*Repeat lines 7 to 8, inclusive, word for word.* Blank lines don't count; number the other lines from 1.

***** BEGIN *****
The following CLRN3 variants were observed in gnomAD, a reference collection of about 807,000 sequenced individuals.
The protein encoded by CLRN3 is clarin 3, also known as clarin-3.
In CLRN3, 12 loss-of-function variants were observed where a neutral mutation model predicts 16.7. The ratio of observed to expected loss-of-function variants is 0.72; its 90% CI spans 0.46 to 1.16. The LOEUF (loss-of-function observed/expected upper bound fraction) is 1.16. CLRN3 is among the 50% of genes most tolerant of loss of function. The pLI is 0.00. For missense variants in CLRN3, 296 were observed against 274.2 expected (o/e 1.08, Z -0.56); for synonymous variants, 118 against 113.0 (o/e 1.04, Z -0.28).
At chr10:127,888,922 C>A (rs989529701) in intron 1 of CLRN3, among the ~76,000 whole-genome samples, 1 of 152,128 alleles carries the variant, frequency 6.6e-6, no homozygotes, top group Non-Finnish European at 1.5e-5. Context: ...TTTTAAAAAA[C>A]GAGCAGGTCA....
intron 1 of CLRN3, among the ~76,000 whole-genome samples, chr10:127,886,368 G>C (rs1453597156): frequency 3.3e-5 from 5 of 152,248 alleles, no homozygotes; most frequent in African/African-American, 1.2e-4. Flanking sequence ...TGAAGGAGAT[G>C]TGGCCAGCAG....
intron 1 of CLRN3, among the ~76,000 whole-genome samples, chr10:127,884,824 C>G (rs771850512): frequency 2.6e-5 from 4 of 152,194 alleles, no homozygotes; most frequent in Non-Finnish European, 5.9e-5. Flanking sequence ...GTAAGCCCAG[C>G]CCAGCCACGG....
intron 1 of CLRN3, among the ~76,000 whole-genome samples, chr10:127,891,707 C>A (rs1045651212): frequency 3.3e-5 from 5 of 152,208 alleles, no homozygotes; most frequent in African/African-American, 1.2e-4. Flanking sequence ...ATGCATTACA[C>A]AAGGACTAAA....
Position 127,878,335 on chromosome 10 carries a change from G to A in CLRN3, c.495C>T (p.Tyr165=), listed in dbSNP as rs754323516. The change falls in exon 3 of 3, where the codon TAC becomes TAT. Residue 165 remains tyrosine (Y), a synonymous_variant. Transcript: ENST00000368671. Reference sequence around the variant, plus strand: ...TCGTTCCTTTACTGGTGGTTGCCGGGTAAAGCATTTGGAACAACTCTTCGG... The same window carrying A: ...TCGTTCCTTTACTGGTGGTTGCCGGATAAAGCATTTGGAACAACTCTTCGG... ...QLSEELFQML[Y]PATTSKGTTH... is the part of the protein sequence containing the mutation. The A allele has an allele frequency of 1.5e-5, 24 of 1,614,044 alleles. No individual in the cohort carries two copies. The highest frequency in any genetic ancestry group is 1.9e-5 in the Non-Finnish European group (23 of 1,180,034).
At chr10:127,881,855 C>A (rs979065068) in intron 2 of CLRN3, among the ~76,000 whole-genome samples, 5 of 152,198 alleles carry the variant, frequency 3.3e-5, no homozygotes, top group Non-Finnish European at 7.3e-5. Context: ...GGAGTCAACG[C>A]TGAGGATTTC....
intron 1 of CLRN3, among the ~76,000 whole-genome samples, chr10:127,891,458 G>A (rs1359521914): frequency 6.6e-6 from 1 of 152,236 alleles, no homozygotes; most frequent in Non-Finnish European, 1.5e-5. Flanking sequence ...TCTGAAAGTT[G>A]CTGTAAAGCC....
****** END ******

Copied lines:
intron 1 of CLRN3, among the ~76,000 whole-genome samples, chr10:127,891,707 C>A (rs1045651212): frequency 3.3e-5 from 5 of 152,208 alleles, no homozygotes; most frequent in African/African-American, 1.2e-4. Flanking sequence ...ATGCATTACA[C>A]AAGGACTAAA....
Position 127,878,335 on chromosome 10 carries a change from G to A in CLRN3, c.495C>T (p.Tyr165=), listed in dbSNP as rs754323516. The change falls in exon 3 of 3, where the codon TAC becomes TAT. Residue 165 remains tyrosine (Y), a synonymous_variant. Transcript: ENST00000368671. Reference sequence around the variant, plus strand: ...TCGTTCCTTTACTGGTGGTTGCCGGGTAAAGCATTTGGAACAACTCTTCGG... The same window carrying A: ...TCGTTCCTTTACTGGTGGTTGCCGGATAAAGCATTTGGAACAACTCTTCGG... ...QLSEELFQML[Y]PATTSKGTTH... is the part of the protein sequence containing the mutation. The A allele has an allele frequency of 1.5e-5, 24 of 1,614,044 alleles. No individual in the cohort carries two copies. The highest frequency in any genetic ancestry group is 1.9e-5 in the Non-Finnish European group (23 of 1,180,034).